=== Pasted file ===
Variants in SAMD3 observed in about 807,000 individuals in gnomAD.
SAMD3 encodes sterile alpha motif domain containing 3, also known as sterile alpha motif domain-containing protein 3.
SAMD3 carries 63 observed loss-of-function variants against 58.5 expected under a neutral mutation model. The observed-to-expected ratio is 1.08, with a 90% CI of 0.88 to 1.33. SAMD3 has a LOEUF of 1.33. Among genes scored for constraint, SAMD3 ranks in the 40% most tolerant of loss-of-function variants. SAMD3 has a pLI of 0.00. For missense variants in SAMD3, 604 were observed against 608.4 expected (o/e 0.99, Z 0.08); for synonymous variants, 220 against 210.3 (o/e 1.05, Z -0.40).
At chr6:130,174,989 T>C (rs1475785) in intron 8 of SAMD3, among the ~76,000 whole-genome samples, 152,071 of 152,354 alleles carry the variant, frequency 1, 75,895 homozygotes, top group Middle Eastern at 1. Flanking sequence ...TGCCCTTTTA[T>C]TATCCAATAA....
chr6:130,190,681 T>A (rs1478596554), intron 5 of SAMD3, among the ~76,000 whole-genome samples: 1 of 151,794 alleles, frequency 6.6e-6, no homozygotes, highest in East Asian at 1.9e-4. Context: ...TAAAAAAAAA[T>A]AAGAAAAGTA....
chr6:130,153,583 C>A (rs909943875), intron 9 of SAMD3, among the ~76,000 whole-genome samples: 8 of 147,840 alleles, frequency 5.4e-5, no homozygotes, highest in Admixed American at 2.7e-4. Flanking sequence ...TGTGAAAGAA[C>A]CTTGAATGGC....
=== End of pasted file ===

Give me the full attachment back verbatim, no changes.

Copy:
Variants in SAMD3 observed in about 807,000 individuals in gnomAD.
SAMD3 encodes sterile alpha motif domain containing 3, also known as sterile alpha motif domain-containing protein 3.
SAMD3 carries 63 observed loss-of-function variants against 58.5 expected under a neutral mutation model. The observed-to-expected ratio is 1.08, with a 90% CI of 0.88 to 1.33. SAMD3 has a LOEUF of 1.33. Among genes scored for constraint, SAMD3 ranks in the 40% most tolerant of loss-of-function variants. SAMD3 has a pLI of 0.00. For missense variants in SAMD3, 604 were observed against 608.4 expected (o/e 0.99, Z 0.08); for synonymous variants, 220 against 210.3 (o/e 1.05, Z -0.40).
At chr6:130,174,989 T>C (rs1475785) in intron 8 of SAMD3, among the ~76,000 whole-genome samples, 152,071 of 152,354 alleles carry the variant, frequency 1, 75,895 homozygotes, top group Middle Eastern at 1. Flanking sequence ...TGCCCTTTTA[T>C]TATCCAATAA....
chr6:130,190,681 T>A (rs1478596554), intron 5 of SAMD3, among the ~76,000 whole-genome samples: 1 of 151,794 alleles, frequency 6.6e-6, no homozygotes, highest in East Asian at 1.9e-4. Context: ...TAAAAAAAAA[T>A]AAGAAAAGTA....
chr6:130,153,583 C>A (rs909943875), intron 9 of SAMD3, among the ~76,000 whole-genome samples: 8 of 147,840 alleles, frequency 5.4e-5, no homozygotes, highest in Admixed American at 2.7e-4. Flanking sequence ...TGTGAAAGAA[C>A]CTTGAATGGC....